For my birthday this year, my husband, who is full of awesome, managed to find me something just as cool as what I got last year. Behold!
I've made it almost to the end of season three, and I have to tell you, I LOVE this show. I loved M.A.S.H. as a kid, but as adult I have a whole new appreciation for the writing and character development involved here.
Would you like some examples? Of course you would!
Major Frank Burns is the sort-of-villain for the first few seasons. And I say sort-of because Frank is the poster child for the Bumbling/Wormy Villain. He's cowardly, greedy and not very bright.
HOWEVER, the writers do something interesting with Frank. They write him as pitiful enough so that you feel sorry for him on a regular basis, while still keeping him so awful that you never pity him for longer than a few minutes.
After watching many episodes, I've decided that the way they do this is by never giving Frank any genuine moments of human connection. Even his infatuation with Margaret Houlihan is shown to be shallow and selfish. Everyone else in the show has times of sympathy, bravery, or understanding. Frank doesn't. This makes him a tad one-dimensional, but also allows for a villain who's nicely balanced between pathetic and dangerous.
Margaret is the head nurse at the M.A.S.H unit, and aside from Pierce (below), she turns out to be the most complex character in the whole series. She has her faults, not the least of which is her creepy affection for Frank Burns in the first half of the series. (They really are quite disturbing together. *shudders*)
Margaret is "regular army", strict, hard-nosed, and devoted to regulations. But she's also devoted to nursing. She cares about her patients, and can even admit that she's wrong if she has to.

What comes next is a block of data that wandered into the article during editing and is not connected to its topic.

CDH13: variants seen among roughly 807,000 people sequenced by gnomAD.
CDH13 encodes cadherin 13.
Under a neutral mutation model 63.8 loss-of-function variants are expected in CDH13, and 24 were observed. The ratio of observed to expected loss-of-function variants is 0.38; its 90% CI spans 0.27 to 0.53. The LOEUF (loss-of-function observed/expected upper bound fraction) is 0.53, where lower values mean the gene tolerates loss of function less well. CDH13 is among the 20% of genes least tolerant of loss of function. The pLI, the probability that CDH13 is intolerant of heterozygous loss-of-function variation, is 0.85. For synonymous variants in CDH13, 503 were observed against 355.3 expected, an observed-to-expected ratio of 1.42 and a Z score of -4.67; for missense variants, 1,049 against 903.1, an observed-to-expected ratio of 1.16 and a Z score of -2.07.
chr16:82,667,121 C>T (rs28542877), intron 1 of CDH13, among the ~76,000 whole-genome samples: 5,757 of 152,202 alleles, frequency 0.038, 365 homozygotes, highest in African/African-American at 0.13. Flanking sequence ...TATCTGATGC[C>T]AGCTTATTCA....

Margaret goes through more actual changes than any other person in the series. She starts out with Frank Burns, but eventually tires of his selfishness and marries someone else. The marriage doesn't work out, but over time, Margaret becomes more open, happier, and gentler with those under her command. Her development arc takes time, over all eleven seasons, but it's believable, and excellently done.
Benjamin Franklin Pierce
Captain Pierce is far and away the star of the series, and it's most complex character. He's a classic Super-Competent, the chief surgeon of the unit and the best doctor around.
Pierce hates the army, his job, and the war in general. His hobbies are insubordination, chasing nurses, and fixing his gin still. But he cares very deeply about people. He's the series's champion for women, children, enlisted men and any wounded people that come in, regardless of race, creed, or what side of the war they are on.
Interestingly enough, Pierce is the person who has the most mental breakdowns over the course of the series. The war gets to him, more than anyone else. He has bouts of insomnia, sleepwalking, and even does a brief stint at a mental hospitable in the last episode.
He doesn't have as many changes in his life as Margaret, but Pierce's intense personality and deeply human flaws provide the perfect foil for the inhuman war that the show is set in.
What do you think? And if you could learn characterization from any series, which would it be?